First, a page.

JH: There are different risks associated with each. No one has yet produced commercial quantities of lithium from clay in Nevada or anywhere else for that matter. You have to balance the technology risk. We believe it's relatively minimal because the processing of clay for lithium looks very much like the processing of hematite or magnetite ores for vanadium. That's a process that's been conducted commercially for decades now. Balancing the two, I think you're probably better off finding a basket of collectively low cost potential producers. Fifteen percent of world production comes from FMC Lithium Corporation (NYSE:FMC) at a place in Argentina called Salar del Hombre Muerto. That is expensive lithium and it's not an inexpensive place to produce from. It's significantly more expensive than Atacama. It leaves a fair bit of room for others to come in and try to take up some of that 15% market share.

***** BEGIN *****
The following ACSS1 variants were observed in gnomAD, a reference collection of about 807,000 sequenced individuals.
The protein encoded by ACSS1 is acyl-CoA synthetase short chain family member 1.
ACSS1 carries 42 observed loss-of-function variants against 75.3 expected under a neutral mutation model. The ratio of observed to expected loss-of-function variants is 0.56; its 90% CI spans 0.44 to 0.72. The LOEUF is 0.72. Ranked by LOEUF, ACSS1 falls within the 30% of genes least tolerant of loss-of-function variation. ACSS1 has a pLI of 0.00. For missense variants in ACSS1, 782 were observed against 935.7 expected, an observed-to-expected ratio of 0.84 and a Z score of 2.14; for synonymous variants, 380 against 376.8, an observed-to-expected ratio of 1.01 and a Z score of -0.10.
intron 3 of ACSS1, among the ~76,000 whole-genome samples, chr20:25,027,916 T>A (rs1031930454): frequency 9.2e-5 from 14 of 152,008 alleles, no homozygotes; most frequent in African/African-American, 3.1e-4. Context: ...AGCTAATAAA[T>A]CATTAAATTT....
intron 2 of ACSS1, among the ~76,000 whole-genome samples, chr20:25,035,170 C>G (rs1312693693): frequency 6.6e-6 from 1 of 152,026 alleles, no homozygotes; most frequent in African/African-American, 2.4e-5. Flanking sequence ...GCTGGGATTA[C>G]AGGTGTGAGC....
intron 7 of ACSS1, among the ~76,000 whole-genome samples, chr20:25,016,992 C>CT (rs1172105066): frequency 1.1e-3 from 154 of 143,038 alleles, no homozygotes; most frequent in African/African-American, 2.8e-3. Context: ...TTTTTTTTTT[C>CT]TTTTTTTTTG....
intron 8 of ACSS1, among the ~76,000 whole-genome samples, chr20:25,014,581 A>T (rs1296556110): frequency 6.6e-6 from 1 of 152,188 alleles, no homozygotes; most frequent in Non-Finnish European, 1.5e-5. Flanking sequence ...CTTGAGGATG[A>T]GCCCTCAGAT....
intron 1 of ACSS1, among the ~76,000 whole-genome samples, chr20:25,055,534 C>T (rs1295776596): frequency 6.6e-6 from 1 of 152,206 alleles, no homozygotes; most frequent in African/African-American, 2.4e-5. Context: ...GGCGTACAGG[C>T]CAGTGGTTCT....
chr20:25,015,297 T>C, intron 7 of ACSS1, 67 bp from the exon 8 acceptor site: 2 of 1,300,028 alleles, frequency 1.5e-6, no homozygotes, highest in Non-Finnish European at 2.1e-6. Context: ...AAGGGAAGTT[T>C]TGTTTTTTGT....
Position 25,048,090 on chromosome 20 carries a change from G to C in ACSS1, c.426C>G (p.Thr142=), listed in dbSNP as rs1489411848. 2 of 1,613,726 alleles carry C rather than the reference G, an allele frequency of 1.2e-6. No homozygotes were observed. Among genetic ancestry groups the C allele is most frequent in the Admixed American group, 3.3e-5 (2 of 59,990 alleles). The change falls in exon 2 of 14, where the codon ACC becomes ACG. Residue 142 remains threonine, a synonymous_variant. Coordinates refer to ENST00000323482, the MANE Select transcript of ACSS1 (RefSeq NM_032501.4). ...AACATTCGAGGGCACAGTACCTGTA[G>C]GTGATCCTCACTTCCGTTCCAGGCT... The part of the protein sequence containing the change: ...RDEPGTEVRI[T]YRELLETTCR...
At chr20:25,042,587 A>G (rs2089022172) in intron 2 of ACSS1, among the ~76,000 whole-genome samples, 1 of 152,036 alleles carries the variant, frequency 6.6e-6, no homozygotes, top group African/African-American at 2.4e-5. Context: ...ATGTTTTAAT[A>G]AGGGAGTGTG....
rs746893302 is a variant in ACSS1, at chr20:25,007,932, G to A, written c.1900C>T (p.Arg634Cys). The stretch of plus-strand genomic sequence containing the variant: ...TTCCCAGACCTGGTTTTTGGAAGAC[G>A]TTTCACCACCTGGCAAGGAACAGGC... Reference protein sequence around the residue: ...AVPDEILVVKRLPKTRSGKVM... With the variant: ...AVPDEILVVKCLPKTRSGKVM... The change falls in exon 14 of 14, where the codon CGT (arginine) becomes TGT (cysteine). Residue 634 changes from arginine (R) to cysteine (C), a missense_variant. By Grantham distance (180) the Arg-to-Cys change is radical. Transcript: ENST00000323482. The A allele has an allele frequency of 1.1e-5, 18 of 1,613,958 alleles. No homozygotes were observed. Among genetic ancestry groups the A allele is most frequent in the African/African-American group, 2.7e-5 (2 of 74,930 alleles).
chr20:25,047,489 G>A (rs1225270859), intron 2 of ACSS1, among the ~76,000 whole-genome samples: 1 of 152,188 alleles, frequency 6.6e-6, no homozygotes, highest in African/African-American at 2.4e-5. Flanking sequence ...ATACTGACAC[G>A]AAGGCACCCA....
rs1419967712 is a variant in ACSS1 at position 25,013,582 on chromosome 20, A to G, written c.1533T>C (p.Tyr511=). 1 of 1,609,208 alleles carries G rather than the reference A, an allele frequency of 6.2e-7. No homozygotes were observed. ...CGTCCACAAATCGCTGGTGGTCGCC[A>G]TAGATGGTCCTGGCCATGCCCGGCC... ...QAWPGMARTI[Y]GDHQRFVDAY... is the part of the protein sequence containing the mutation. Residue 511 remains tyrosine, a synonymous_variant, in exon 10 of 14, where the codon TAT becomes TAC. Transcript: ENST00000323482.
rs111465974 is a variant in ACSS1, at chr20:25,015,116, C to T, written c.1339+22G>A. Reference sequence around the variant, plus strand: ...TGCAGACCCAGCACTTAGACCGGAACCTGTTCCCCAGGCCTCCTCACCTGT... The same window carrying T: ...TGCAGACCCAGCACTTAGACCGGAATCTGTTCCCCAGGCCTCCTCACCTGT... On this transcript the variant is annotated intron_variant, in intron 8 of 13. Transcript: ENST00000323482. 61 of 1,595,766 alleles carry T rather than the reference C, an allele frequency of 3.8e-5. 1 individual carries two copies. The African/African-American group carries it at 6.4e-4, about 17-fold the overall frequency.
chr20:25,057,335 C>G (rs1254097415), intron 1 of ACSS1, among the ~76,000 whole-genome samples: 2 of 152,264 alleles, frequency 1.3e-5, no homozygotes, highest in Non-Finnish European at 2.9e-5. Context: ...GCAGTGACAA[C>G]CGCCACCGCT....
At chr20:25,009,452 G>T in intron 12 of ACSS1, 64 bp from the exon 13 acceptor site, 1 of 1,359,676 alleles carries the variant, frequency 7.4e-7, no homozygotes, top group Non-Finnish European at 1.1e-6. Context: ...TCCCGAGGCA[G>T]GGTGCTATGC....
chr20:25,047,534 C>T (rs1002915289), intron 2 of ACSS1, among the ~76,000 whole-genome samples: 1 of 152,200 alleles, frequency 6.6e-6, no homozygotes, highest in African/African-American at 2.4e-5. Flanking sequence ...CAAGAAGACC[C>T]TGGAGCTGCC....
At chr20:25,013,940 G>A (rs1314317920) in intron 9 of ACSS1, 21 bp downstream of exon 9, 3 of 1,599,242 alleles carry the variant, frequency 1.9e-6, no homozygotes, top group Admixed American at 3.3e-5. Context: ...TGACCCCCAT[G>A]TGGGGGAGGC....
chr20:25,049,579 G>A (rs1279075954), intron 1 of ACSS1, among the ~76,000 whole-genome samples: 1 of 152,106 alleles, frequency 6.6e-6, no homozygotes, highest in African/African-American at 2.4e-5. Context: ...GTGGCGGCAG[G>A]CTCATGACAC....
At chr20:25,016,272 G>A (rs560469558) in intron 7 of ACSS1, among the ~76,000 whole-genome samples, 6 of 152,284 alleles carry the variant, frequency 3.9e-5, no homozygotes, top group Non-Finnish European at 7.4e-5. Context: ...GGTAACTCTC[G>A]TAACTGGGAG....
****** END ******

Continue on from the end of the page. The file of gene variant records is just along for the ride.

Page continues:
TER: That helps drive the market, does it not?

JH: It absolutely does. It's not only growth in the market overall which we see being significant over the next few years; it's the potential to displace some of the expensive supply that's in the market place today.

TER: How many companies are in the lithium basket?